Robbie suffers seizure

Robinson, who up to last night remained in a stable condition at the ICU, had yesterday morning fallen ill while attending a funeral at the Church of the Assumption, Maraval, the same church where his wife’s funeral took place last September.

However his daughter, Ann Margaret Robinson, yesterday told Newsday that her father was in “good spirits” and had been taken to St Clair Medical for tests.

“He’s alright,” she said, speaking outside of the medical centre, “He had an episode so they are doing tests to determine what caused it. Right now he is fully conscious, he’s talking, eating, sleeping. He is resting comfortably. Thank you for your concern.”

Earlier, Lenore Dorset, protocol officer with the Office of the President, told reporters that Robinson was stable. “He is stable. He had a seizure at a funeral this morning,” she said.

Robinson was attending a funeral service for Charles Alleyne, son of former head of the public service Doddridge Alleyne, when he fainted during the service, which was being conducted by Fr Clyde Harvey.

Parish priest of the Church of the Assumption Fr Garfield Rochard said he was in the parish office at about 10.15 am when he was informed that Robinson had collapsed.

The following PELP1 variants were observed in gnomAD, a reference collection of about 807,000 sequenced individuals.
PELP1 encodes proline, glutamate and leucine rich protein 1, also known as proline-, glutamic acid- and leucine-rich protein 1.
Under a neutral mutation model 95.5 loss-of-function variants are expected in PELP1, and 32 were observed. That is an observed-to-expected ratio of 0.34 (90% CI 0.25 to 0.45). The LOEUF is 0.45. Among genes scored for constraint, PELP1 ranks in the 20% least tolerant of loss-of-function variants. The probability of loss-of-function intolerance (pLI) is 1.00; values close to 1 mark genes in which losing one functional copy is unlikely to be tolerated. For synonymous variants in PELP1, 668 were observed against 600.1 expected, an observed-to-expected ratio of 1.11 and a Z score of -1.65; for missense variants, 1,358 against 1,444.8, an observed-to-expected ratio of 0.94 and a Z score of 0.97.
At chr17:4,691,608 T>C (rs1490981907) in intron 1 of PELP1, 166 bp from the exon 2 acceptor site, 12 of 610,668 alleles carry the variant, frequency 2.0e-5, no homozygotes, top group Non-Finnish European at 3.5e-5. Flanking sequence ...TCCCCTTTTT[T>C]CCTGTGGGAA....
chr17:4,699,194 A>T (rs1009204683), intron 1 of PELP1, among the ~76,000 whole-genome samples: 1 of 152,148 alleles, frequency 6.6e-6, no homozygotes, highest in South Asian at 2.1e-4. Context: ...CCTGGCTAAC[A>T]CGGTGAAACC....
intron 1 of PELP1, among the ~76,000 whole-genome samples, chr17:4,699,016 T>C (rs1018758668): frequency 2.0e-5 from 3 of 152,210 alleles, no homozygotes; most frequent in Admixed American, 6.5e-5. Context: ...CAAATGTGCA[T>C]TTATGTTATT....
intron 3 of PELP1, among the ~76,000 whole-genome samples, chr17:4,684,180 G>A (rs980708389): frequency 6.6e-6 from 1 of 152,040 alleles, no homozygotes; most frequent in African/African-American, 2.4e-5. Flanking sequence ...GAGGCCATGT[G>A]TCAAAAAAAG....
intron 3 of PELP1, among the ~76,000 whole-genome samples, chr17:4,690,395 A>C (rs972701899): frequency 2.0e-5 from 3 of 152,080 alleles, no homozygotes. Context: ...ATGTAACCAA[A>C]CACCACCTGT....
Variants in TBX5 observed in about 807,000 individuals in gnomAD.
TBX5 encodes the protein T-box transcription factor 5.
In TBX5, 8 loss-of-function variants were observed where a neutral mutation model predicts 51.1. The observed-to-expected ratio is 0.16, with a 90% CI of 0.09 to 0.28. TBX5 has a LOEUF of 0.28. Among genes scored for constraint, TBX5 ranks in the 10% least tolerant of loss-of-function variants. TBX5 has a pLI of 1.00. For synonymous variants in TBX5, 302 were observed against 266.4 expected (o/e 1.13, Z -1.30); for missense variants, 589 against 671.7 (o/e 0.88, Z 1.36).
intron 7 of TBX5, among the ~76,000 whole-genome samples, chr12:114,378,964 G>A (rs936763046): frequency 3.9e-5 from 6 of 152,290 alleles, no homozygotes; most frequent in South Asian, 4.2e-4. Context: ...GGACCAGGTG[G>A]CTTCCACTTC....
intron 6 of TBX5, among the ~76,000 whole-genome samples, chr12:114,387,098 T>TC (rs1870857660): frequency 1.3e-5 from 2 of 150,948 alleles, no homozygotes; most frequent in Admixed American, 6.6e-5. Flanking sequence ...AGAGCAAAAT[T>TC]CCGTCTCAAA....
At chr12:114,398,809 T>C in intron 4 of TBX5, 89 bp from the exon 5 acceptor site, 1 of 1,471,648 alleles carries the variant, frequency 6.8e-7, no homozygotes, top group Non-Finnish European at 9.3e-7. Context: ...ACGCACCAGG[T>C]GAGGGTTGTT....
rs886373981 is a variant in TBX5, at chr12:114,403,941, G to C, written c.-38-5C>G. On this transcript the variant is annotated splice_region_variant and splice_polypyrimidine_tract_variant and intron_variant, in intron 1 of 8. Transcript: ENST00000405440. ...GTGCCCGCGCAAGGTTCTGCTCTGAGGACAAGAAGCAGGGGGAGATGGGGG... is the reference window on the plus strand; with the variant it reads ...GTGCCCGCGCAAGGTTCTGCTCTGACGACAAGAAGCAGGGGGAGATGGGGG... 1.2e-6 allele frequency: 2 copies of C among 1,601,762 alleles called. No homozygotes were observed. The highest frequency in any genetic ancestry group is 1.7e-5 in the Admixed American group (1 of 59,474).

One parishioner said Robinson, who uses a wheelchair, was seated when he slumped forward. He was held back from falling out of his chair by a body guard and appeared unconscious for a few seconds before he was revived. Another parishioner said Robinson then called for Doddridge to hold his hand and Doddridge did so until an ambulance arrived.

Another parishioner said that as Robinson was lying on a stretcher and being placed into the back of the ambulance by paramedics, “he raised his hands in the air and was praising the Lord.”

Contacted yesterday afternoon, a grief-stricken Doddridge, 82, was unable to recall what happened at the church when Robinson fainted. “I don’t remember. The whole thing was very complicated,” he said. Efforts to contact Harvey were unsuccessful.

Robinson’s hospitalisation came five months after the death of his wife Patrica, who succumbed to Alzheimer’s last September.